The Au NCs were fabricated by following the previously published protocol, using a galvanic replacement reaction between silver nanocubes and HAuCl4.23 The as-prepared Au NCs were washed twice with water and by centrifugation at 11,000 rpm for 10 minutes. The LSPR peak of the Au NCs was tuned to 805 nm, measured by Lambda 750 UV–Vis spectrometer (PerkinElmer, Waltham, MA, USA). The product was finally redispersed in water at a concentration of 8×1011 NPs/mL (stock solution), which was labeled as NC-100. All subsequent dilutions were obtained by following the “dilution by 2” protocol: equal volumes of the solution and water were mixed in a vial, with a small portion (~24 μL) taken to fill 1 mm capillary tube. Then, the newly obtained solution was diluted by a factor of 2 again. The geometry parameters of the Au NCs such as the edge length, wall thickness, and pore size were measured to be 54.6±3.0, 7.1±1.0, and 30.1±1.8 nm, respectively, with transmission electron microscopy (TEM, Hitachi 7700, Tokyo, Japan). The content of Au (44.5%) and Ag (55.5%) in the Au NCs was measured with inductively coupled plasma mass spectrometry (NexION 300Q, Perkin Elmer).

Modeling of optical properties of gold nanocages

In the numerical simulations we used the three-dimensional finite-difference time-domain (3D-FDTD) method to calculate the scattering and absorption spectra of the Au NC, where plane wave light is assumed to excite the single nanoparticle. From the spectra, the LSPR can be clearly identified. In the simulation, the edge length, wall thickness of the shell, and diameter of the pore are set to be 54.6, 7.0, and 30.1 nm, respectively, as were measured using TEM.

Results and discussion

Optical characterization of Au nanocages and Au nanorods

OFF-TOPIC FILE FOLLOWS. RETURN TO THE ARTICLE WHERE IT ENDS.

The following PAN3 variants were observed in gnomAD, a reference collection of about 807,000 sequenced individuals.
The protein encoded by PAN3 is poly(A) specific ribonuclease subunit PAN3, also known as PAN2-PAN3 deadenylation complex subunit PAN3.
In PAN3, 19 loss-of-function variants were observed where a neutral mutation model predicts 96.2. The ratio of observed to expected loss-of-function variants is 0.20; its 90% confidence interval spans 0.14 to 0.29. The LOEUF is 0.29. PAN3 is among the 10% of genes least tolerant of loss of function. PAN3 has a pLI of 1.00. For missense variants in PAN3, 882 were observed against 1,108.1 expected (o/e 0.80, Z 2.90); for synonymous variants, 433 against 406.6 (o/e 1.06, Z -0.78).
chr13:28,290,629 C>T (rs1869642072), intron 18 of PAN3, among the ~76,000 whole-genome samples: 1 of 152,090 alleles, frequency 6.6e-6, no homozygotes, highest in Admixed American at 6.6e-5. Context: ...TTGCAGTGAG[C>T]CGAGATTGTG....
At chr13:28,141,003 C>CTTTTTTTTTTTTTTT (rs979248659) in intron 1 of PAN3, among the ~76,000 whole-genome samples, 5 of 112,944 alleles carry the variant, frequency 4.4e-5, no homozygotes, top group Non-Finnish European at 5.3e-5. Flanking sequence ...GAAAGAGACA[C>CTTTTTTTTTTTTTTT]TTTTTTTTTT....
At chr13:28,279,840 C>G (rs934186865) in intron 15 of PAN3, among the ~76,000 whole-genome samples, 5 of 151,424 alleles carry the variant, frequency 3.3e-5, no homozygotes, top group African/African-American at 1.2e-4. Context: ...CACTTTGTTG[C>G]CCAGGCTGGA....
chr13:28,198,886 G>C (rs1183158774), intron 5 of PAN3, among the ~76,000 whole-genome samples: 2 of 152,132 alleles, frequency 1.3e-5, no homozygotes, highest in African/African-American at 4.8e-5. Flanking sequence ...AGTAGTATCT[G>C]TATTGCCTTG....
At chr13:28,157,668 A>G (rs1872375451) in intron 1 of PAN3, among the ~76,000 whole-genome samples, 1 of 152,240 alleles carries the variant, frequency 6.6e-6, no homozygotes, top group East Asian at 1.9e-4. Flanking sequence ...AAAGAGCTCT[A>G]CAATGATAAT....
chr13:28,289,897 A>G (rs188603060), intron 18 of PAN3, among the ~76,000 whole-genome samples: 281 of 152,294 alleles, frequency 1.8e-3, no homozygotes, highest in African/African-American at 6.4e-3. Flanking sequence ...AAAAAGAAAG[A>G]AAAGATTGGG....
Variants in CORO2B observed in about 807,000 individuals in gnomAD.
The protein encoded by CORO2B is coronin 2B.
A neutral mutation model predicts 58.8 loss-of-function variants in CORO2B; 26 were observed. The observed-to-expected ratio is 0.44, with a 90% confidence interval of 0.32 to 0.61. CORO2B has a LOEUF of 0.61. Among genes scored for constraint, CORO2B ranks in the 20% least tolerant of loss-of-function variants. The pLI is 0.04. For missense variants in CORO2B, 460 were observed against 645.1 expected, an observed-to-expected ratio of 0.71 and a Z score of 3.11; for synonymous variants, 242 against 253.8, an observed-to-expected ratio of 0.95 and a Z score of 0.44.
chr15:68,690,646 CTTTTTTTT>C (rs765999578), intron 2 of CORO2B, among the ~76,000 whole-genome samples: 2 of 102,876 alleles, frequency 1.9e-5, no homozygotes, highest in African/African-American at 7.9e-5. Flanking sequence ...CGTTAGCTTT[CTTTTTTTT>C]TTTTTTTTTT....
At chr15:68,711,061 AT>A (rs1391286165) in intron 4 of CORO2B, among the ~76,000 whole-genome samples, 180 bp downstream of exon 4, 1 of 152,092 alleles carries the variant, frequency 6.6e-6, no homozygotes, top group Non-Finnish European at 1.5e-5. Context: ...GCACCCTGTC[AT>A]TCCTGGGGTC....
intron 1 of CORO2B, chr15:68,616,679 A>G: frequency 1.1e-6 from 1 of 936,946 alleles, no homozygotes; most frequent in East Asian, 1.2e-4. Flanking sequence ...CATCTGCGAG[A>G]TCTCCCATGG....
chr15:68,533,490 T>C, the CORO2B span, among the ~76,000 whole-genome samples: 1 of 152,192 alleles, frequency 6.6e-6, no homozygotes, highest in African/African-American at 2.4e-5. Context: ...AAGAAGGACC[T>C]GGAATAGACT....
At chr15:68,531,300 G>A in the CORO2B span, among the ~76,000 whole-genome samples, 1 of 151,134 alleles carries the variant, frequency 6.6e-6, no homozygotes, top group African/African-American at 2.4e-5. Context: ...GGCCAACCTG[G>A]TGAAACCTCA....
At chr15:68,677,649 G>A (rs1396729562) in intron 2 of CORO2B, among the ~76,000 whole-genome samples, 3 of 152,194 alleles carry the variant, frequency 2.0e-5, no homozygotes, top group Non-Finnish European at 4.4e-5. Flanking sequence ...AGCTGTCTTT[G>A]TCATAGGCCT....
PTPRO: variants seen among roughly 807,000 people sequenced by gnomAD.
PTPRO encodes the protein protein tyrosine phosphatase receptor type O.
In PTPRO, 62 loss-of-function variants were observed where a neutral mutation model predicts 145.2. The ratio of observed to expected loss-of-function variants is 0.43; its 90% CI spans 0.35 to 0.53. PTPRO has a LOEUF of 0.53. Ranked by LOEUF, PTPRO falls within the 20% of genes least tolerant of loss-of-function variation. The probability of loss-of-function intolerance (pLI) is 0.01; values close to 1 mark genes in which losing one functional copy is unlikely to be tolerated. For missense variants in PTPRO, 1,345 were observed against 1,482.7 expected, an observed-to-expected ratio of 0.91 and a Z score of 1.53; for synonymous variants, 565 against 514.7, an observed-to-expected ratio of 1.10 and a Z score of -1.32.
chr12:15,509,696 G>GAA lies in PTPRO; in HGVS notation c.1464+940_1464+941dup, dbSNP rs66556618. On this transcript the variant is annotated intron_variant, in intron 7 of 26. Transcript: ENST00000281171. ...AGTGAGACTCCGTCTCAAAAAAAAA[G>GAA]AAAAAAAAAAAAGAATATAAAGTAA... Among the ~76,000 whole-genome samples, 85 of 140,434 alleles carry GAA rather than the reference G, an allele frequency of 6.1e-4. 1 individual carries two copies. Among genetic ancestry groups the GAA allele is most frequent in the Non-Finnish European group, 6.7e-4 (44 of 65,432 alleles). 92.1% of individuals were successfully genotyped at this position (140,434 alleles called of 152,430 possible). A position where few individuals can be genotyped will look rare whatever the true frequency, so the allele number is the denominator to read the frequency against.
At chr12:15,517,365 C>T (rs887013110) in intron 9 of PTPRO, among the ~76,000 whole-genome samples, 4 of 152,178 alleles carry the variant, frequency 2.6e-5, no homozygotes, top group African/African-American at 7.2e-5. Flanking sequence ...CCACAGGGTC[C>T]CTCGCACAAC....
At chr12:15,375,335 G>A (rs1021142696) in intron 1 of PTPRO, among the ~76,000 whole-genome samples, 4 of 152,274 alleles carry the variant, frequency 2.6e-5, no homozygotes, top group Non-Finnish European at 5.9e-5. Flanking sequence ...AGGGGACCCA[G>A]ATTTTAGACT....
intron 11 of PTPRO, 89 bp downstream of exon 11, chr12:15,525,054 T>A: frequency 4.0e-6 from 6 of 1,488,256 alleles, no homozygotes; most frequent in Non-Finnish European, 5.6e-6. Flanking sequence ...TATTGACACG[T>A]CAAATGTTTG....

Table 1 summarizes data for various types of Au NCs and NRs that were used in the study. Vis–NIR spectroscopy was employed for measuring the absorbance in a 1 mm rectangular cuvette, which was converted to the extinction coefficient, μext, for the corresponding NPs using the Beer–Lambert law (Figure 2). Several solutions of high concentrations (NC-100, NC-50, and NR-100) were too opaque for the measurements and absorbed almost all incident light in the 600–950 nm range. Characteristic flattening of the spectra near a saturation limit can be seen for these samples in Figure 2. Such spectra are not of any practical use in conventional spectroscopy measurements. From a linear part of the absorbance vs concentration dependence (Figure S1), the extinction cross section was estimated to be Cext=3.1×10−14 m2 for Au NC. The results of FDTD calculations for the NC produced the following numbers for the absorption, scattering, and extinction cross sections: Cabs=3.89×10−14 m2, Csca=1.98×10−14 m2, Cext=5.87×10−14 m2, respectively. For Au NR, the calculated values for the longitudinal plasmon resonance were supplied by the manufacturer, Nanopartz Inc.: Cabs=3.5×10−15 m2, Csca=3.8×10−16 m2, Cext=3.8×10−15 m2. One can see that while both types of NPs can be considered as dominant absorbers (albeit with some contribution from scattering for NC), the absorption efficiency of a single NC is expected to be theoretically at least an order of magnitude (~11) higher than that of one of an NR and the extinction to be higher by a factor of ~15. Note that it assumes ideal illumination conditions for NRs; for example, all NRs should be oriented parallel to the polarization vector of the monochromatic light. However, spectroscopic measurements produced values of μext, 1.9 and 1.5 mm−1 from two solutions with N=6.2×1012 NRs/mL (NR-10) and N=5×1010 NCs/mL (NC-6.25), which corresponds to a factor of ~124 differences in concentrations. It indicates that an experimental value of Cext=μext/N of an individual NC is higher than that of one of an individual NR by a factor of ~98 (vs ~15 theoretically). In experiments with unpolarized light and unknown orientations of NRs, the strength of absorption will depend on a fraction of light that can couple to and excite longitudinal plasmon oscillations in the NR solution. Thus, lower values of the effective absorption cross section for NRs will be measured, indicating that theoretical values were overestimated. This can explain the discrepancy between the theoretical and experimental ratios of Cext for NRs.